Political analysts say winning back Scottish voters requires more than just left-wing politics. Corbyn will have to grapple with an issue about which he has said very little to date: how much power Scotland should have to run its own affairs.
"I don't think Labour are going to lure away any voters who have gone to the pro-independence SNP by being silent on the issue of the constitution," said Ailsa Henderson, head of politics and international relations at Edinburgh University.
Despite Corbyn's warm reception in August, even Glasgow is likely to be a tough political battlefield for him.
Scotland's largest city backed independence in last year's referendum and "Yes" stickers can still be seen in the windows of flats and on cars.
Apartments and art venues now stand where dockyards and wharves once were in a city that now has a population of around 600,000, though towering cranes remain as a reminder of Glasgow's industrial heritage and the Labour party is ingrained in its history.
A statue of Donald Dewar, a Labour politician and native Glaswegian who was the first to hold the post of First Minister of Scotland when the devolved Scottish parliament and government were set up in 1999, looms over the sandstone buildings on Buchanan Street, one of the main shopping areas.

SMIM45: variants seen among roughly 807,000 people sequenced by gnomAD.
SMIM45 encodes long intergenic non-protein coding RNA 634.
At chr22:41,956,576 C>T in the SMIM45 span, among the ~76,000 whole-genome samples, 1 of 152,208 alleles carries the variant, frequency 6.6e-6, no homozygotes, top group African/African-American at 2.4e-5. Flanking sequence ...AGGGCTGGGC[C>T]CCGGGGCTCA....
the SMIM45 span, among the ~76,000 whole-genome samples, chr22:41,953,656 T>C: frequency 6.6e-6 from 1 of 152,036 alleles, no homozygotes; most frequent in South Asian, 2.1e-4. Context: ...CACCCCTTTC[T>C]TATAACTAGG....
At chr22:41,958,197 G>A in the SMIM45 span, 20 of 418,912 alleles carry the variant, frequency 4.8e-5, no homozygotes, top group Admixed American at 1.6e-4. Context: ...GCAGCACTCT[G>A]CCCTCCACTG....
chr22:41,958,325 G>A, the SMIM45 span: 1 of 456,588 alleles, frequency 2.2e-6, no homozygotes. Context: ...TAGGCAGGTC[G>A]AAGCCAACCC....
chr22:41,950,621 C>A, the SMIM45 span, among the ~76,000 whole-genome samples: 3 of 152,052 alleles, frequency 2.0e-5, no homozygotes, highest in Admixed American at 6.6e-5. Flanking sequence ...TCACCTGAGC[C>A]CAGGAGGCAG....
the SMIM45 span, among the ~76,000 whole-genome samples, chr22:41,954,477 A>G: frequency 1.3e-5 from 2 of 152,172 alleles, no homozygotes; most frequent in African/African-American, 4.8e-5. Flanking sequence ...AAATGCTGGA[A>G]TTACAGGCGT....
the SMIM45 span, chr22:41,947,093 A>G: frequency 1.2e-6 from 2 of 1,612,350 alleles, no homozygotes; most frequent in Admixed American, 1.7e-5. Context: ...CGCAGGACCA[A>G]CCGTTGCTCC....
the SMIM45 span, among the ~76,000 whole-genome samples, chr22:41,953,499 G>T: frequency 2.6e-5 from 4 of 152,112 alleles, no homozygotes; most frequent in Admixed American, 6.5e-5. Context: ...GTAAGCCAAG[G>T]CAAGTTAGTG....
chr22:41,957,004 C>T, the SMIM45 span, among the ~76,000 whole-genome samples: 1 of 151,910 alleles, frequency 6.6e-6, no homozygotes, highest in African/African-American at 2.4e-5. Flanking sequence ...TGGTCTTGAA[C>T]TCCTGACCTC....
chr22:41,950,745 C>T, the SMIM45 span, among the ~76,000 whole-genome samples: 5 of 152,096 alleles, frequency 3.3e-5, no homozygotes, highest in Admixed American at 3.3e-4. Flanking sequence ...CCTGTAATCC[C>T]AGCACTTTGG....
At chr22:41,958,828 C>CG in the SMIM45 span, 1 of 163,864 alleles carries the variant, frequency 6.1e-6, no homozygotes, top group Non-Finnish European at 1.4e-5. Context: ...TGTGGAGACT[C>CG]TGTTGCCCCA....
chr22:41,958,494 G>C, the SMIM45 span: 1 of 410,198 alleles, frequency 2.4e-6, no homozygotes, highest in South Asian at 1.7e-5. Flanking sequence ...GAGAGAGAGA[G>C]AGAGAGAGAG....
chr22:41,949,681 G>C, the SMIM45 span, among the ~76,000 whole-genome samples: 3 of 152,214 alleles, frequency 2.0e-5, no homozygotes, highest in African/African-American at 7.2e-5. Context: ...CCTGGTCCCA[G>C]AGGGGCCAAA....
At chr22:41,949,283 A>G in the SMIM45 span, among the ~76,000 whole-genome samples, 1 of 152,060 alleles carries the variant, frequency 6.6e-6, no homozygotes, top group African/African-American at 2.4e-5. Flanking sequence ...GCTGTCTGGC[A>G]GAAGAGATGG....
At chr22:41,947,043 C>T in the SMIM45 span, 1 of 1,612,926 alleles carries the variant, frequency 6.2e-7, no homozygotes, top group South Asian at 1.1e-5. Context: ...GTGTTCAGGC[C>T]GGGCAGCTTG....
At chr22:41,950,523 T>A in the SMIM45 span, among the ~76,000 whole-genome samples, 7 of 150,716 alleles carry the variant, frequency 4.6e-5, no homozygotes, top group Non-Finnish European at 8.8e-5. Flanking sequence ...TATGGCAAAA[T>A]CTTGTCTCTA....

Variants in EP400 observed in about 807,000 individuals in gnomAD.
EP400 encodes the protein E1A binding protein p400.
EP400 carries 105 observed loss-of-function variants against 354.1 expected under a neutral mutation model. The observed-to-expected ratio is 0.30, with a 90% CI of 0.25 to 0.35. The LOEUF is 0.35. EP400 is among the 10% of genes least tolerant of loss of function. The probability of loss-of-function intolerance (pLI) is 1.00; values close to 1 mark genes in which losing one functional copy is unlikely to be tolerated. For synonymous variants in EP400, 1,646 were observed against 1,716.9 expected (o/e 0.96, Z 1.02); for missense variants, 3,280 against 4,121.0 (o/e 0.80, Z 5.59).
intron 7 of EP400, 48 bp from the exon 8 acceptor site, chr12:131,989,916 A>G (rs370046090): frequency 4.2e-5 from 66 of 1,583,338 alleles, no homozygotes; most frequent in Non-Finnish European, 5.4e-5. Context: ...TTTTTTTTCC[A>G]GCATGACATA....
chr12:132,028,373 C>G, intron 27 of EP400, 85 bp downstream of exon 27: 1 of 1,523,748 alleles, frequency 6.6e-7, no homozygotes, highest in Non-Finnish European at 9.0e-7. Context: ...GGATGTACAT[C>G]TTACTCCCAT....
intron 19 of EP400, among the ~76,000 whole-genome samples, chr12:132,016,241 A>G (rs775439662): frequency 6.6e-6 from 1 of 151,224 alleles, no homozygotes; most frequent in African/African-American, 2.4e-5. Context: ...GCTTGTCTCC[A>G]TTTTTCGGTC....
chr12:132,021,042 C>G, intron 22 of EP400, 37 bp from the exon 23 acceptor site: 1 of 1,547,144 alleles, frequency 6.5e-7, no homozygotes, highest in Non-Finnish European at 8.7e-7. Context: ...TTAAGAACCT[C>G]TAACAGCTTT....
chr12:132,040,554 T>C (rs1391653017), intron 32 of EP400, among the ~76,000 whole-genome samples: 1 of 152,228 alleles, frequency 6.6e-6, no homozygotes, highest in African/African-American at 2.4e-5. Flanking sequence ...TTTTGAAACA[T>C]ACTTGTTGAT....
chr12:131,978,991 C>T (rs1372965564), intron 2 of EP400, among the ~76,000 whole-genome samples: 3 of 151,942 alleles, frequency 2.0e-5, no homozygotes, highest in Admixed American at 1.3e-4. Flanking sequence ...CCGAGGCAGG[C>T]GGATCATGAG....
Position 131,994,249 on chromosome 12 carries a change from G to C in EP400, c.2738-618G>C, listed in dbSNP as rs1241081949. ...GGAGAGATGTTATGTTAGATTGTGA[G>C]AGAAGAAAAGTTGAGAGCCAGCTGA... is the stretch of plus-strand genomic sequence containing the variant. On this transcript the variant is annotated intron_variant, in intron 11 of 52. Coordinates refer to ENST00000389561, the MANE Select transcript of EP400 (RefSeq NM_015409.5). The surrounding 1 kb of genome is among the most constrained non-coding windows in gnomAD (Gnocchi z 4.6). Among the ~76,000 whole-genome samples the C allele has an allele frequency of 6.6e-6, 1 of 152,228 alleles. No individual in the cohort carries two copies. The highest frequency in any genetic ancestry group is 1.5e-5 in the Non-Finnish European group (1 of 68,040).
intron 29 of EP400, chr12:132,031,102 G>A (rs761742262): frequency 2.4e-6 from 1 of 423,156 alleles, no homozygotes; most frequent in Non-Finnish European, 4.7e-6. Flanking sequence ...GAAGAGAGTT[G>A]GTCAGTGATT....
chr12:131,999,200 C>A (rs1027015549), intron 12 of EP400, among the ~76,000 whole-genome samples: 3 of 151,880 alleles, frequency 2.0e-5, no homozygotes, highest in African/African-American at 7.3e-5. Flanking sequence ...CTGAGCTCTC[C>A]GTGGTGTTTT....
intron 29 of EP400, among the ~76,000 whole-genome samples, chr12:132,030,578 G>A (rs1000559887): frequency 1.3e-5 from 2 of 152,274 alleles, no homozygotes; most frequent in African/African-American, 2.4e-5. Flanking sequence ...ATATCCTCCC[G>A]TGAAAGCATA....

Sitting down for a break nearby, Mary Lyle, a 56-year-old retired nurse and former Labour voter, said she was waiting to see how Corbyn's leadership pans out. Despite voting against independence in 2014, she switched to the SNP at the last election, eschewing Labour for straying too far from its roots.
"I think (Corbyn) will shake things up a bit, move things along from this single-minded ideological view of everything," she said.
Others were less sure. Sipping coffee in a cafe, 43-year-old Michael Roy said Corbyn was probably a plus for Scottish Labour but he doubted the new leader could revive the party's fortunes.
"Labour's more or less finished in Scotland as far as I'm concerned. If he can find a way back, that's all well and good, but he's going to find it very difficult because he's going to have to attack the SNP from the left," he said.
INDEPENDENCE STILL A KEY ISSUE
Scots voted 55-45 per cent against independence in the 2014 referendum which the SNP said at the time would settle the question for a generation.
But months later, in the British election, the nationalists won 56 of Scotland's 59 seats, ensuring the question of Scotland's powers remains at the top of the political agenda.
Scottish nationalists say Corbyn must address this issue and that he will not win over Scottish voters if he cannot convince them he is capable of defending their interests in the British parliament by mounting a serious challenge to the Conservatives.
SNP leader Nicola Sturgeon said he must prove this quickly or Scottish voters "are likely to conclude that independence is the only alternative to continued Tory government".
A big win for the SNP next May could make a new independence referendum more likely in the not-too-distant future.
Sturgeon has also urged Corbyn to show his party will put workers' rights in Scotland first and drop opposition to moves to devolve powers over trade union and employment law.
"The (SNP's) argument isn't just 'we don't like cuts', but that 'if you give us power we can run things better and prove that you don't have to do cuts'," said Edinburgh University's Henderson, suggesting Corbyn was taking on the SNP on no less an agenda than "how to run society differently."